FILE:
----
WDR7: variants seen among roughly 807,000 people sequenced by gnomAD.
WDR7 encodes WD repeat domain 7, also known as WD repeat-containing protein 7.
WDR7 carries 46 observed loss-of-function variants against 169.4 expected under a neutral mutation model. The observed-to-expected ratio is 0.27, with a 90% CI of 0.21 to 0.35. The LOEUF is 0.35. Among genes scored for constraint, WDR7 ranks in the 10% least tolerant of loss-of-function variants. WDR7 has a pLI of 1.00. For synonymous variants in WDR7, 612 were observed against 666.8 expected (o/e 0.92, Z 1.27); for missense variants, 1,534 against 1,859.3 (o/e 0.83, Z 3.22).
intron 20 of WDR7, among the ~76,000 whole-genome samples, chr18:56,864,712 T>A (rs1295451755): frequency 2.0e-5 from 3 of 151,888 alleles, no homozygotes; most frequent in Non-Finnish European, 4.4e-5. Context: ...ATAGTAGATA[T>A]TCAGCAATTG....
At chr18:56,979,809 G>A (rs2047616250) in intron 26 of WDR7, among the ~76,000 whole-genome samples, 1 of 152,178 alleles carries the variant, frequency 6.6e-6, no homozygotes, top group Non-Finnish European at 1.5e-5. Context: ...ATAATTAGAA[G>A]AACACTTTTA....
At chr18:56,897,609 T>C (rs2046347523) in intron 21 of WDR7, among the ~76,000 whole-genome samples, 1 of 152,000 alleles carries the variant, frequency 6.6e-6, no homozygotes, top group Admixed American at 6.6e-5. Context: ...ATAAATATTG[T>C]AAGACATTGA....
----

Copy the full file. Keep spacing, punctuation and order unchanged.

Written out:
WDR7: variants seen among roughly 807,000 people sequenced by gnomAD.
WDR7 encodes WD repeat domain 7, also known as WD repeat-containing protein 7.
WDR7 carries 46 observed loss-of-function variants against 169.4 expected under a neutral mutation model. The observed-to-expected ratio is 0.27, with a 90% CI of 0.21 to 0.35. The LOEUF is 0.35. Among genes scored for constraint, WDR7 ranks in the 10% least tolerant of loss-of-function variants. WDR7 has a pLI of 1.00. For synonymous variants in WDR7, 612 were observed against 666.8 expected (o/e 0.92, Z 1.27); for missense variants, 1,534 against 1,859.3 (o/e 0.83, Z 3.22).
intron 20 of WDR7, among the ~76,000 whole-genome samples, chr18:56,864,712 T>A (rs1295451755): frequency 2.0e-5 from 3 of 151,888 alleles, no homozygotes; most frequent in Non-Finnish European, 4.4e-5. Context: ...ATAGTAGATA[T>A]TCAGCAATTG....
At chr18:56,979,809 G>A (rs2047616250) in intron 26 of WDR7, among the ~76,000 whole-genome samples, 1 of 152,178 alleles carries the variant, frequency 6.6e-6, no homozygotes, top group Non-Finnish European at 1.5e-5. Context: ...ATAATTAGAA[G>A]AACACTTTTA....
At chr18:56,897,609 T>C (rs2046347523) in intron 21 of WDR7, among the ~76,000 whole-genome samples, 1 of 152,000 alleles carries the variant, frequency 6.6e-6, no homozygotes, top group Admixed American at 6.6e-5. Context: ...ATAAATATTG[T>C]AAGACATTGA....